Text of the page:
This section relates solely to UK planning matters and Minerals Planning Guidance Note 11 (MPG11). MPG11 has now been replaced by Minerals Policy statement 2 Annex 2:Noise which is available from the ODPM website. This section will shortly be revised.
The title of MPG11 is "The Control of Noise at Surface Minerals Workings" and as it suggests, this document is used in planning assessments for surface minerals workings such as quarries and open cast coal operations; the standard itself and PPG24 also indicates that it should be used to assess the noise from landfill sites.
At paragraph 34 of MPG11, the noise limits are set out in the terms that "The Government takes the view that during the working week... daytime nominal limit at noise sensitive properties used as dwellings should normally be 55 dB LAeq, 1 hour...The night-time nominal limit should be 42 dB LAeq, 1 hour". The assessment location for the measurements or predictions using BS.5228, is at least 3.5m away from a facade, and the BS4142 character correction is not normally applied. The normal working week is Monday to Friday working hours and Saturday morning.
There is an exception to the above, where 55 dB LAeq, 1 hour, would be more than 10 dBA above the background level (measured in LA90 terms), it may be appropriate to set the limit at 10 dBA above the background except in "exceptionally quiet rural areas where the background daytime noise level is below 35 dBA.... it would not normally be appropriate to require a daytime limit below 45 dBA LAeq, 1 hour".
The MPG also recommends that for open spaces which the public uses for relaxation (not normally including footpaths etc.) the noise limits should be:-
In many instances the quarry or landfill will not yet exist, so that MPG11 requires that BS.5228 "Noise and vibration control on construction and open sites" is used to predict likely future noise levels. The methodology is complex especially where considerations of Soft Ground Attenuation and Barrier Corrections come into play. It is also necessary to know the sound power level of the machinery to be used (external database). BS.5228 is also used (as its name suggests) to predict the likely noise level from construction and demolition sites, and it gives guidance on suitable noise control measures. BS.5228 has been adopted under Section 71 of The Control of Pollution Act 1974 and as such its use is mandatory under certain circumstances.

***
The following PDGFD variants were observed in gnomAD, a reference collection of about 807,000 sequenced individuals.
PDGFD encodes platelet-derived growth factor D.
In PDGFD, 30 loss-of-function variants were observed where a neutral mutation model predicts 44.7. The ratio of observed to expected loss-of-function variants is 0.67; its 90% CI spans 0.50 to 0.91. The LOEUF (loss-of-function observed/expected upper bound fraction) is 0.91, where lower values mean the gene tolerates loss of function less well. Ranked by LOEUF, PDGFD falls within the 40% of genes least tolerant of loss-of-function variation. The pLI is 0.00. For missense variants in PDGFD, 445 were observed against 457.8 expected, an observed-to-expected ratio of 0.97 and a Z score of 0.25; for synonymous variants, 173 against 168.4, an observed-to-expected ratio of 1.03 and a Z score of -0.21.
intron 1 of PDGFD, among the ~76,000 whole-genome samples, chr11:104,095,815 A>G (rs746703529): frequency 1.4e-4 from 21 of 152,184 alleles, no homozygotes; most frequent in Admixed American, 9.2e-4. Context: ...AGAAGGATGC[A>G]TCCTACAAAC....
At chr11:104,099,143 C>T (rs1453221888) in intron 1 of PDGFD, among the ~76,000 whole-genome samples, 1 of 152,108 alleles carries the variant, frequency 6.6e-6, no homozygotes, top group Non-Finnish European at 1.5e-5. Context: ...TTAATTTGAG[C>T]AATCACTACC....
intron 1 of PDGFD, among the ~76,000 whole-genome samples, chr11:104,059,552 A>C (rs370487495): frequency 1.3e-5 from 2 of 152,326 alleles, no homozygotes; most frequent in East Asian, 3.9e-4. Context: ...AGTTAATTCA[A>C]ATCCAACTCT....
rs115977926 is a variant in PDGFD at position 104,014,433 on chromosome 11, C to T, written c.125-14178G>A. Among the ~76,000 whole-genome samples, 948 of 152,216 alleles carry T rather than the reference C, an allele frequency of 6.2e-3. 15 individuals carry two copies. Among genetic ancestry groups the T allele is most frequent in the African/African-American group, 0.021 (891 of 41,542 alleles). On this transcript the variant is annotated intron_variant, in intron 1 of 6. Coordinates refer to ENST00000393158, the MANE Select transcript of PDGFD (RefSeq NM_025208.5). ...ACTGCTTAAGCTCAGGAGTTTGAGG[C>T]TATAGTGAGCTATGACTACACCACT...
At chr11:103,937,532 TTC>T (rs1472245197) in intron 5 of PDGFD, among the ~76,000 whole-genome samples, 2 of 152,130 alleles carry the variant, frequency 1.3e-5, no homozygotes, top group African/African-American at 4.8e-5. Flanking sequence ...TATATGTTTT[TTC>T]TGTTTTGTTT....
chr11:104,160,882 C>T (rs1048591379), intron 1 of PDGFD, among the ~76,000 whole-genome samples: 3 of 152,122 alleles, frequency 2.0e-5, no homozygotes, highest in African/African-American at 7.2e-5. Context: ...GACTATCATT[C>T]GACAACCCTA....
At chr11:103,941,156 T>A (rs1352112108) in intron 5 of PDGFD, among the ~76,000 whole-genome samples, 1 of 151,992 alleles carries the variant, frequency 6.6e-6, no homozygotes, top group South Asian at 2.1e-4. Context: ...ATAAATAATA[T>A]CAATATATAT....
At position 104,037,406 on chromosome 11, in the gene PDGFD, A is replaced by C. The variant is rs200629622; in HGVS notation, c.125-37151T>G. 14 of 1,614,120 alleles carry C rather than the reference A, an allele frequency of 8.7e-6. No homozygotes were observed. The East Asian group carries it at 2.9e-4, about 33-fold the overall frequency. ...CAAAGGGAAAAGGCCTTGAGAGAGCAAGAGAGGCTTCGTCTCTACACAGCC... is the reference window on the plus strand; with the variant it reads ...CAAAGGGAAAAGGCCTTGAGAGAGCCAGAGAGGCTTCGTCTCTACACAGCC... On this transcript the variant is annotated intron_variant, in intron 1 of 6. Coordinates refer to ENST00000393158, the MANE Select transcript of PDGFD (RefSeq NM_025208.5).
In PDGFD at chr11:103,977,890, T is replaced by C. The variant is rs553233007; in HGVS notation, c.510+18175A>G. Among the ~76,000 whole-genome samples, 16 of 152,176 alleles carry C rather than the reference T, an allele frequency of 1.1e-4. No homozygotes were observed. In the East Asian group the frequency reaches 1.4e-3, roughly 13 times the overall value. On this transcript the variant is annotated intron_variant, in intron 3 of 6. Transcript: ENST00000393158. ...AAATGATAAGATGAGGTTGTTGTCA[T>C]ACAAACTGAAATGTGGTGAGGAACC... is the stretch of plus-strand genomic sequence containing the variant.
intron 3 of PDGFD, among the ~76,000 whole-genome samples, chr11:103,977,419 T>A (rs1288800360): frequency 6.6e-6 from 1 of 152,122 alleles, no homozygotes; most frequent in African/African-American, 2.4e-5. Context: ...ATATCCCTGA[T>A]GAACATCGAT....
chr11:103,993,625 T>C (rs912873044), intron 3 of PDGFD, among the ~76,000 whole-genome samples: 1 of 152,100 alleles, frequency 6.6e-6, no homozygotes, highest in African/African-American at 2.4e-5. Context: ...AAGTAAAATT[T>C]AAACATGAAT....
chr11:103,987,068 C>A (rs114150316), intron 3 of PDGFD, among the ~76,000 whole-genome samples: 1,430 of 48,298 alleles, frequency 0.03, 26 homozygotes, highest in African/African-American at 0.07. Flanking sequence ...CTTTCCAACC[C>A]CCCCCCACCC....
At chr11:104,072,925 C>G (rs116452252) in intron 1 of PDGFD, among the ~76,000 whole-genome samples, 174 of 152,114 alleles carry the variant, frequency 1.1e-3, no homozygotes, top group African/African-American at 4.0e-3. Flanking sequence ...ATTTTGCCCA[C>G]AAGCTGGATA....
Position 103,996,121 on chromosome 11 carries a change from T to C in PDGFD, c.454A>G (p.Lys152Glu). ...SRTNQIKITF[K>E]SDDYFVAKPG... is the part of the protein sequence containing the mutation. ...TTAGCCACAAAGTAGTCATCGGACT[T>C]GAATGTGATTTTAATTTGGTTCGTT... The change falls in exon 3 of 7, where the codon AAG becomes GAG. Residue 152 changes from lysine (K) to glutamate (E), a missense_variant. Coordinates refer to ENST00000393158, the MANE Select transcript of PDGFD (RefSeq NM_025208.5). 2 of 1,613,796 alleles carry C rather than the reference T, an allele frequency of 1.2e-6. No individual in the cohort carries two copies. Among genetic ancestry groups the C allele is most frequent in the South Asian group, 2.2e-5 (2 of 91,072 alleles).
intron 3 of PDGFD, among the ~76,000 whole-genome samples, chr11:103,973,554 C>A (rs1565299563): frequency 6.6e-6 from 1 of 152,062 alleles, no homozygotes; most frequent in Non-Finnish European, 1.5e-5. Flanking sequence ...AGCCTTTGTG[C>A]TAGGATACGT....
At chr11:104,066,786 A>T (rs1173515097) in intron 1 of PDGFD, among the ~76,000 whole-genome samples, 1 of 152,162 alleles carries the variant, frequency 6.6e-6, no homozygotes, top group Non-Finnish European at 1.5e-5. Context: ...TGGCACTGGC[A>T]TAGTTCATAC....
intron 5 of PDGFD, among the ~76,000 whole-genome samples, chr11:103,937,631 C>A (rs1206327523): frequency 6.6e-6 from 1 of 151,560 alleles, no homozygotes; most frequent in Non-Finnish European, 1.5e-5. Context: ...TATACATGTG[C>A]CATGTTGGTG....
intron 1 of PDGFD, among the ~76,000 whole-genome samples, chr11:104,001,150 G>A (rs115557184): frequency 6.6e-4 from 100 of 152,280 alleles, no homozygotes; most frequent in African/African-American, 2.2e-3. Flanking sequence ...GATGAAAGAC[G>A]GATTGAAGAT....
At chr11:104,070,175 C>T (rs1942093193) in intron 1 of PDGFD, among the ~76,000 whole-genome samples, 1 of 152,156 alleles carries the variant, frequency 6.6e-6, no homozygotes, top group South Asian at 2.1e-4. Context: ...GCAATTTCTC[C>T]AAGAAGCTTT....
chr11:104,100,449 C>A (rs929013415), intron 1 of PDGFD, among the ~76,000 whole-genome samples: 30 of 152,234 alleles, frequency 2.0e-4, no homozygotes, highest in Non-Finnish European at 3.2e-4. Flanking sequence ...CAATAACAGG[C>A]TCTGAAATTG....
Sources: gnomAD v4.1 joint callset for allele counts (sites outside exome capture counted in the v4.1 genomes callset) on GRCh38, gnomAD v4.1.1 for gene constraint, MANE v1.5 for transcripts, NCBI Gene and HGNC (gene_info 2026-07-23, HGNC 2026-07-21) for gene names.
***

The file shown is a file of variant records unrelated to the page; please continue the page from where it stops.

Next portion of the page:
One of the most common sources of complaint is noise from reversing bleepers; perhaps its not surprising that they can disturb residents given that there are designed to be loud, attract attention and convey a sense of urgency and even danger; however, contrary to popular belief, we understand that these devices do not have to sound every time the HGV or fork lift truck reverses. We are aware of cases where using the vehicles side lights (i.e. at night) mutes the reversing alarm, e.g. see elsewhere. In addition during the daytime volume sensing alarms can be used so safely minimising alarm levels, e.g. see elsewhere.
It can be seen that the measurement and assessment procedures are very similar to those of BS.4142 combined with calculations as per BS.5228. The Foreword of BS.4142 states "It should be noted that noise assessment is a skilled operation and should be undertaken only by persons who are competent in the procedures". If, having read the above and the standards, you don't feel competent you can consult the Directory for a list of consultants.